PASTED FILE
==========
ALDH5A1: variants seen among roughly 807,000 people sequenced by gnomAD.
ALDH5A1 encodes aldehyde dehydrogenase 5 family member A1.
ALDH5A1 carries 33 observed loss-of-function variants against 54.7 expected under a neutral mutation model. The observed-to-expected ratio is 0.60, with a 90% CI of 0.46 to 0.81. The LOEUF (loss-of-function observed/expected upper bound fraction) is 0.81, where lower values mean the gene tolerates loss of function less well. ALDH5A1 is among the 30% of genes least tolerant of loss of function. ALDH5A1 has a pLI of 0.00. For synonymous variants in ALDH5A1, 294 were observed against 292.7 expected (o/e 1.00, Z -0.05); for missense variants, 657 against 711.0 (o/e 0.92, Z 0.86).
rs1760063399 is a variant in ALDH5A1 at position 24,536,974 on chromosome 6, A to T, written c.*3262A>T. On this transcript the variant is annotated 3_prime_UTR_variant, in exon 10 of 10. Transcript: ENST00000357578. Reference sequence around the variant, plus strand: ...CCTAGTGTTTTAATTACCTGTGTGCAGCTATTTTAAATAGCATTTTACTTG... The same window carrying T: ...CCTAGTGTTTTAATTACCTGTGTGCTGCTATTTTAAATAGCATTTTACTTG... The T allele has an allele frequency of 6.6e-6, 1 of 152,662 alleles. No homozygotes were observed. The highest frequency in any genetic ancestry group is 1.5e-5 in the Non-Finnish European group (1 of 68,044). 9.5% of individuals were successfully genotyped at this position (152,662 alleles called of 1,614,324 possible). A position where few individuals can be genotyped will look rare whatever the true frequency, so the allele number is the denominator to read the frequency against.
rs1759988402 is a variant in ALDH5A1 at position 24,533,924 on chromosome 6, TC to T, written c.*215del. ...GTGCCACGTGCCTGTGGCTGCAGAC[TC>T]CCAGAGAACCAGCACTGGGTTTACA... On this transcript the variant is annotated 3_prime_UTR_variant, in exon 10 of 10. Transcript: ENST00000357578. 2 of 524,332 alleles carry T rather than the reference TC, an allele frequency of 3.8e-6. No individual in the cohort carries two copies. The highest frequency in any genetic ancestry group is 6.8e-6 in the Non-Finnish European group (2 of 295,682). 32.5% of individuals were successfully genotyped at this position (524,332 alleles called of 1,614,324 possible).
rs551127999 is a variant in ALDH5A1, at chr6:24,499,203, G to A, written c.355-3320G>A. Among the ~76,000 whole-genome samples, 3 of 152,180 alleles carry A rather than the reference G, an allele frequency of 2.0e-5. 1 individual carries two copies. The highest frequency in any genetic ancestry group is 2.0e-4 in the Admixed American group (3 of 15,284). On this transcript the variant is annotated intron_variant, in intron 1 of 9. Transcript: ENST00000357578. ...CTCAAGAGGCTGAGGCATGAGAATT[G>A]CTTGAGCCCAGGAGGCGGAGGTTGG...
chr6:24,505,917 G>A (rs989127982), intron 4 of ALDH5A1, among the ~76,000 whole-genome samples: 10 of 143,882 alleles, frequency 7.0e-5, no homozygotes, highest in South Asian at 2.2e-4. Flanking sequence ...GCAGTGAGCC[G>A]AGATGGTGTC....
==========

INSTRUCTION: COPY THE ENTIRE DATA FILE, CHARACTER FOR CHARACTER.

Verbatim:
ALDH5A1: variants seen among roughly 807,000 people sequenced by gnomAD.
ALDH5A1 encodes aldehyde dehydrogenase 5 family member A1.
ALDH5A1 carries 33 observed loss-of-function variants against 54.7 expected under a neutral mutation model. The observed-to-expected ratio is 0.60, with a 90% CI of 0.46 to 0.81. The LOEUF (loss-of-function observed/expected upper bound fraction) is 0.81, where lower values mean the gene tolerates loss of function less well. ALDH5A1 is among the 30% of genes least tolerant of loss of function. ALDH5A1 has a pLI of 0.00. For synonymous variants in ALDH5A1, 294 were observed against 292.7 expected (o/e 1.00, Z -0.05); for missense variants, 657 against 711.0 (o/e 0.92, Z 0.86).
rs1760063399 is a variant in ALDH5A1 at position 24,536,974 on chromosome 6, A to T, written c.*3262A>T. On this transcript the variant is annotated 3_prime_UTR_variant, in exon 10 of 10. Transcript: ENST00000357578. Reference sequence around the variant, plus strand: ...CCTAGTGTTTTAATTACCTGTGTGCAGCTATTTTAAATAGCATTTTACTTG... The same window carrying T: ...CCTAGTGTTTTAATTACCTGTGTGCTGCTATTTTAAATAGCATTTTACTTG... The T allele has an allele frequency of 6.6e-6, 1 of 152,662 alleles. No homozygotes were observed. The highest frequency in any genetic ancestry group is 1.5e-5 in the Non-Finnish European group (1 of 68,044). 9.5% of individuals were successfully genotyped at this position (152,662 alleles called of 1,614,324 possible). A position where few individuals can be genotyped will look rare whatever the true frequency, so the allele number is the denominator to read the frequency against.
rs1759988402 is a variant in ALDH5A1 at position 24,533,924 on chromosome 6, TC to T, written c.*215del. ...GTGCCACGTGCCTGTGGCTGCAGAC[TC>T]CCAGAGAACCAGCACTGGGTTTACA... On this transcript the variant is annotated 3_prime_UTR_variant, in exon 10 of 10. Transcript: ENST00000357578. 2 of 524,332 alleles carry T rather than the reference TC, an allele frequency of 3.8e-6. No individual in the cohort carries two copies. The highest frequency in any genetic ancestry group is 6.8e-6 in the Non-Finnish European group (2 of 295,682). 32.5% of individuals were successfully genotyped at this position (524,332 alleles called of 1,614,324 possible).
rs551127999 is a variant in ALDH5A1, at chr6:24,499,203, G to A, written c.355-3320G>A. Among the ~76,000 whole-genome samples, 3 of 152,180 alleles carry A rather than the reference G, an allele frequency of 2.0e-5. 1 individual carries two copies. The highest frequency in any genetic ancestry group is 2.0e-4 in the Admixed American group (3 of 15,284). On this transcript the variant is annotated intron_variant, in intron 1 of 9. Transcript: ENST00000357578. ...CTCAAGAGGCTGAGGCATGAGAATT[G>A]CTTGAGCCCAGGAGGCGGAGGTTGG...
chr6:24,505,917 G>A (rs989127982), intron 4 of ALDH5A1, among the ~76,000 whole-genome samples: 10 of 143,882 alleles, frequency 7.0e-5, no homozygotes, highest in South Asian at 2.2e-4. Flanking sequence ...GCAGTGAGCC[G>A]AGATGGTGTC....